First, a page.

Space technology’s dependence on an astronaut’s sight and visual capabilities as opposed to other human senses will be among the topics of discussion at an engaging public event next week.
SPACE-Gov: Senses – Towards a multi-sensorial Inclusive Space Future will explore how technology attuned to sound, touch, scent and taste could transform the wellbeing of astronauts spending time in orbit and improve diversity for the space sector.
Led by Dr Nikita Chiu, Senior Lecturer in Innovation Policy at the University of Exeter, the session will also reflect upon the European Space Agency’s (ESA) announcement of John McFall as the world’s first-ever ‘parastronaut’.
The event is part of the 2023 Festival of Social Science and will be held at the Devon and Exeter Institution at 4.30pm on Monday 13 November.
“While the announcement of the world’s first parastronaut demonstrates there is a path towards a more inclusive space future, this inclusivity must go beyond matters of accommodation and accessibility,” says Dr Chiu, who is the Principal Investigator of the Research England-funded SPACE-Gov project. “The integration of a multi-sensorial approach could be crucial in strengthening astronauts’ physical and mental wellbeing in orbit, while also enhancing safety and security for astronauts in extreme environments.”
The SPACE-Gov programme recently delivered a policy brief that concluded that the sector has reached a crossroads and is facing multiple challenges that could limit its ability to develop sustainable, long-term and collaborative plans for the future. Issues such as geopolitical uncertainty, the competition for resources in an increasingly sustainability-conscious world, and a lack of diversity were all highlighted in the report, which was shaped by a series of workshops involving a broad range of space sector stakeholders and experts operating at regional, national and European levels.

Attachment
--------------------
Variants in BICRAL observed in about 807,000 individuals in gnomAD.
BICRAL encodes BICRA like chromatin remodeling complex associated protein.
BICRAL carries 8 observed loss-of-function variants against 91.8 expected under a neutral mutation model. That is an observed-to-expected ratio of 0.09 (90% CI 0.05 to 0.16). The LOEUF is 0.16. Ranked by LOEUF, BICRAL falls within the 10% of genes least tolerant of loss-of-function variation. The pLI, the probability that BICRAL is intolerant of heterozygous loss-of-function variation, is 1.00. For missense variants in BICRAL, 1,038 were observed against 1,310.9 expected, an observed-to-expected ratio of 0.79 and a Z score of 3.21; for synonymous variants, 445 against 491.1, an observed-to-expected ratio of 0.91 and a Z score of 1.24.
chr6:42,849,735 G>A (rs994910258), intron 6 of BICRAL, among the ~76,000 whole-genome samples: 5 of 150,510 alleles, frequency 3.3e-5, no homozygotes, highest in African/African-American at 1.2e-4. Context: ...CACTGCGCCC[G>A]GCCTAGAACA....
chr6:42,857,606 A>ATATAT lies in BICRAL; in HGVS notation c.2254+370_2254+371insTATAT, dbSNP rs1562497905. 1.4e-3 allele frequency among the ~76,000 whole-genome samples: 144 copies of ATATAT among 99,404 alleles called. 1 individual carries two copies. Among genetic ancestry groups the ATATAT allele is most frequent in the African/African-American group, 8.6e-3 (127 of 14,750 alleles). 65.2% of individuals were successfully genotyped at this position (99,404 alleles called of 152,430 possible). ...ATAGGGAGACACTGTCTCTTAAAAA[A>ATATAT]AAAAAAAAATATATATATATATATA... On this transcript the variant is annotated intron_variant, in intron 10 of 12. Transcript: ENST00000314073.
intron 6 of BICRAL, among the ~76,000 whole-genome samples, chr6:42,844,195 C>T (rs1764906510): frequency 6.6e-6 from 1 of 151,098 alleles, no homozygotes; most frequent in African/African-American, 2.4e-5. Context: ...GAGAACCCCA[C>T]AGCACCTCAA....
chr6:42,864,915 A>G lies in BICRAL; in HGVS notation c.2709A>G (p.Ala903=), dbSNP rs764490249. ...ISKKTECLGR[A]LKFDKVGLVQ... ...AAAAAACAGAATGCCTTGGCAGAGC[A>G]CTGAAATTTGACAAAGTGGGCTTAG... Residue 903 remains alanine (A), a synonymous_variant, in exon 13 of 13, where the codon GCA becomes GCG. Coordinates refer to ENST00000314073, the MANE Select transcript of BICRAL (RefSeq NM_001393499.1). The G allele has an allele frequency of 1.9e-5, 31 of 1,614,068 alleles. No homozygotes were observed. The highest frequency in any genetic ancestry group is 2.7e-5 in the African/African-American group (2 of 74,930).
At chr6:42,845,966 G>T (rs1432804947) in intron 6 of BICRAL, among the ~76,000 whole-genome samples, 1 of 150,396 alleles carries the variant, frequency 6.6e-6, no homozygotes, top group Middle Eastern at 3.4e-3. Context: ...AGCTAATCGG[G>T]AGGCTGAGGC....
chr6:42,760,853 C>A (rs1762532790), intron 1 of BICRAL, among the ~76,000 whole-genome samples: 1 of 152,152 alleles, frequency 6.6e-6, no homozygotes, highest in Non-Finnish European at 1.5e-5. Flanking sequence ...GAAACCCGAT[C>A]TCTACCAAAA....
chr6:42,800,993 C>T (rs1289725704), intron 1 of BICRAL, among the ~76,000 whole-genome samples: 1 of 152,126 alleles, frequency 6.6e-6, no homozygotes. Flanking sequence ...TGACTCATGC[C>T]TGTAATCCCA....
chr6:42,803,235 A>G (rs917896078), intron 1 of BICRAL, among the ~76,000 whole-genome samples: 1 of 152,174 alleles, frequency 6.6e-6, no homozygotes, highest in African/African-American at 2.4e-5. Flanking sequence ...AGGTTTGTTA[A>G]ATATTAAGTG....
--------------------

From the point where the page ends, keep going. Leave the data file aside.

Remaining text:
SPACE-Gov: Senses – Towards a Multi-sensorial Inclusive Space Future will open with a presentation of the findings of this project before focusing upon how future space science activities might better integrate different human senses. Together with astronomer Dr Wanda Diaz-Merced from the AstroParticle and Cosmology Laboratory in Paris, this session seeks to take the audience on an ‘exploratory journey’ of what a multi-sensorial and inclusive space future might look like.
This comes against a backdrop of John McFall commencing his training at the European Astronaut Centre in Germany and the launch of a feasibility study at ESA that will explore the potential of sending into space people with diverse abilities.
“Current space science and exploration relies heavily on a limited sensorial approach – with a significant reliance on the visual, supported by sonic elements for communications,” says Dr Chiu. “However, evidence suggests that astronauts could experience reduced mobility and sensory input in micro-gravity. Astronauts have also reported instances of temporary blindness while conducting spacewalks, and it is in these critical moments they must turn to their other senses, such as touch, to ensure their safe return.”
Seats for the event are limited and must be pre-booked via the Festival of Social Science website.